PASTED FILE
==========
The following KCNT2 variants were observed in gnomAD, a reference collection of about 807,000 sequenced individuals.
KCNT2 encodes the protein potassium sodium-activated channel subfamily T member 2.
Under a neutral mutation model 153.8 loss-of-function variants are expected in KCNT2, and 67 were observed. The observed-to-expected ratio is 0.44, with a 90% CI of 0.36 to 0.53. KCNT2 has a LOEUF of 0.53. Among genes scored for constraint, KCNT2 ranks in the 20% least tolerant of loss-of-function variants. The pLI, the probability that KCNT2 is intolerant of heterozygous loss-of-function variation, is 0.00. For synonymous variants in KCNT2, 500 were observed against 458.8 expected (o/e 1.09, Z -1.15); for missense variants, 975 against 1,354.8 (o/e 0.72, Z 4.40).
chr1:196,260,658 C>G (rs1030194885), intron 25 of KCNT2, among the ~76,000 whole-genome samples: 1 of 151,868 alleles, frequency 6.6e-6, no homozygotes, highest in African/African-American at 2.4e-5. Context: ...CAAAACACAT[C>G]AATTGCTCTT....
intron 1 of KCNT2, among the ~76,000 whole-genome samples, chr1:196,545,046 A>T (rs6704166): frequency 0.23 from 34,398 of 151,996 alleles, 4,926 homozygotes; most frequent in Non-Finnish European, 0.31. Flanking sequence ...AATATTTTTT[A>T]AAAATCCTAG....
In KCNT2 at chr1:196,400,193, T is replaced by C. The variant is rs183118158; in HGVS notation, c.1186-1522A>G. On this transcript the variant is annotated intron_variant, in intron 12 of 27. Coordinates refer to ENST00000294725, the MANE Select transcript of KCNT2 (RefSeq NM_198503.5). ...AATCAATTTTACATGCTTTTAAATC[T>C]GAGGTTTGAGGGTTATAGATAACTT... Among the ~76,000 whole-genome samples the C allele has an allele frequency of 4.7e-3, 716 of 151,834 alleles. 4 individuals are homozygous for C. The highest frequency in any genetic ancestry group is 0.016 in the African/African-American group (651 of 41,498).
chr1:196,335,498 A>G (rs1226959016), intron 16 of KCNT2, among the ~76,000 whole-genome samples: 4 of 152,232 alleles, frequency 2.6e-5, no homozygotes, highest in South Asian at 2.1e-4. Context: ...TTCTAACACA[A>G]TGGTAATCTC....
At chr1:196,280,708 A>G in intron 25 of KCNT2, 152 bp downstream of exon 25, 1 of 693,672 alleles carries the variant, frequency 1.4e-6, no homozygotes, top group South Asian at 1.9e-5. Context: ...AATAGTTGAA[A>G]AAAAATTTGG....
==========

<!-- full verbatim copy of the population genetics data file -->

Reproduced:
The following KCNT2 variants were observed in gnomAD, a reference collection of about 807,000 sequenced individuals.
KCNT2 encodes the protein potassium sodium-activated channel subfamily T member 2.
Under a neutral mutation model 153.8 loss-of-function variants are expected in KCNT2, and 67 were observed. The observed-to-expected ratio is 0.44, with a 90% CI of 0.36 to 0.53. KCNT2 has a LOEUF of 0.53. Among genes scored for constraint, KCNT2 ranks in the 20% least tolerant of loss-of-function variants. The pLI, the probability that KCNT2 is intolerant of heterozygous loss-of-function variation, is 0.00. For synonymous variants in KCNT2, 500 were observed against 458.8 expected (o/e 1.09, Z -1.15); for missense variants, 975 against 1,354.8 (o/e 0.72, Z 4.40).
chr1:196,260,658 C>G (rs1030194885), intron 25 of KCNT2, among the ~76,000 whole-genome samples: 1 of 151,868 alleles, frequency 6.6e-6, no homozygotes, highest in African/African-American at 2.4e-5. Context: ...CAAAACACAT[C>G]AATTGCTCTT....
intron 1 of KCNT2, among the ~76,000 whole-genome samples, chr1:196,545,046 A>T (rs6704166): frequency 0.23 from 34,398 of 151,996 alleles, 4,926 homozygotes; most frequent in Non-Finnish European, 0.31. Flanking sequence ...AATATTTTTT[A>T]AAAATCCTAG....
In KCNT2 at chr1:196,400,193, T is replaced by C. The variant is rs183118158; in HGVS notation, c.1186-1522A>G. On this transcript the variant is annotated intron_variant, in intron 12 of 27. Coordinates refer to ENST00000294725, the MANE Select transcript of KCNT2 (RefSeq NM_198503.5). ...AATCAATTTTACATGCTTTTAAATC[T>C]GAGGTTTGAGGGTTATAGATAACTT... Among the ~76,000 whole-genome samples the C allele has an allele frequency of 4.7e-3, 716 of 151,834 alleles. 4 individuals are homozygous for C. The highest frequency in any genetic ancestry group is 0.016 in the African/African-American group (651 of 41,498).
chr1:196,335,498 A>G (rs1226959016), intron 16 of KCNT2, among the ~76,000 whole-genome samples: 4 of 152,232 alleles, frequency 2.6e-5, no homozygotes, highest in South Asian at 2.1e-4. Context: ...TTCTAACACA[A>G]TGGTAATCTC....
At chr1:196,280,708 A>G in intron 25 of KCNT2, 152 bp downstream of exon 25, 1 of 693,672 alleles carries the variant, frequency 1.4e-6, no homozygotes, top group South Asian at 1.9e-5. Context: ...AATAGTTGAA[A>G]AAAAATTTGG....